Witness Inconsistency – When Does Inconsistency Matter? Does it matter when someone seems to change their story from one interview to another – if they’ve added some new information or contradict themselves? Lorraine Hope and Matthew Francis draw on research on memory and consistency to look at when interviewers should, and shouldn’t, worry about inconsistencies.
All credit to this piece to Professor Lorraine Hope and the team at Crest research. I was sparked to highlight it as it immediately cognitively reinstated me to a time many years ago at a social event when an eminent magistrate remarked to me that he’d heard a case of minor assault in which the victim and a key eyewitness contradicted each other by saying that the offender held the weapon in different hands. The magistrate resolutely insisted that one of them ‘must be lying’ because of the contradiction, defence win the argument of reasonable doubt and case dismissed. Justice!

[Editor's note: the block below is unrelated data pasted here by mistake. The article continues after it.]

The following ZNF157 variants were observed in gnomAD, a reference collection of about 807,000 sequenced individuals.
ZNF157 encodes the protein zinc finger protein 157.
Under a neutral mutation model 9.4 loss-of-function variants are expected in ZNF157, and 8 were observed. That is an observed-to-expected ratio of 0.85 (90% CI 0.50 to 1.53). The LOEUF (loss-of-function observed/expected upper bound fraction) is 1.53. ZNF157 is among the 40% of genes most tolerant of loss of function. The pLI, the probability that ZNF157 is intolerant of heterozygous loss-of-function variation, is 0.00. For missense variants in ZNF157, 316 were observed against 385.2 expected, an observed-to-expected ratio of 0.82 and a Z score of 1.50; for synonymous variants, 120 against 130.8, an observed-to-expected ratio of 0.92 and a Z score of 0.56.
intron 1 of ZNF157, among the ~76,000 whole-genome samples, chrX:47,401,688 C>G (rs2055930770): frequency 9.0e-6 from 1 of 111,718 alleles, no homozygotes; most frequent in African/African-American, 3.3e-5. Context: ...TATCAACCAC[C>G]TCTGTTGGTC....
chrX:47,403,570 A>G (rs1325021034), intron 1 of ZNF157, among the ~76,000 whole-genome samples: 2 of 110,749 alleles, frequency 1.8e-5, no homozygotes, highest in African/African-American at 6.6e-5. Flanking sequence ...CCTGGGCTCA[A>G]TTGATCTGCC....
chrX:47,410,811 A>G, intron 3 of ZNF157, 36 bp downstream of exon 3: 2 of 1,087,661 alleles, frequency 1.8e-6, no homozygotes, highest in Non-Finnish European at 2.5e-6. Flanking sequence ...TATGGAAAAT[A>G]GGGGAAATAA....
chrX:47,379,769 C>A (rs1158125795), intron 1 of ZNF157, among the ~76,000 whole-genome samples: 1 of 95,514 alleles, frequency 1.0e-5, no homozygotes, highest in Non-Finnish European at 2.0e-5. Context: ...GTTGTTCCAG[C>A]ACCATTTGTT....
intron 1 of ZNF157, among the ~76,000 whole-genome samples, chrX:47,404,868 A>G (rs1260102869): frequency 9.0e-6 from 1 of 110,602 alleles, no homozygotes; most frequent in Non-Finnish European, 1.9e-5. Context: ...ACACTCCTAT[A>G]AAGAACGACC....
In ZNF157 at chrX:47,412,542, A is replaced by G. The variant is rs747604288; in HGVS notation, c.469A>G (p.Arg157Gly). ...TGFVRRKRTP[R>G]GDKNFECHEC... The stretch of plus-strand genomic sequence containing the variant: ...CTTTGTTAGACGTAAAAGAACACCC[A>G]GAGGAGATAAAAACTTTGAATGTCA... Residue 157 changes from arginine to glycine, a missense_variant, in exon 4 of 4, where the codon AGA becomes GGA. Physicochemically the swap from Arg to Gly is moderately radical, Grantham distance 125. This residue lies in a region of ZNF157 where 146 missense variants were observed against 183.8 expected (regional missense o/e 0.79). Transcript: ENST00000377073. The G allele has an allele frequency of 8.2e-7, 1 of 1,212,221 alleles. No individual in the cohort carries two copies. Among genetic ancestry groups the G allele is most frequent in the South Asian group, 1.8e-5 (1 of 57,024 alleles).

This was a defining moment and one of those etched in my memory to underscore the amount of work still to be done to drag UK judiciary into the 21st century.
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Full article reproduced here courtesy of CREST: https://crestresearch.ac.uk/comment/when-does-inconsistency-matter/?utm_content=bufferd690e&utm_medium=social&utm_source=twitter.com&utm_campaign=buffer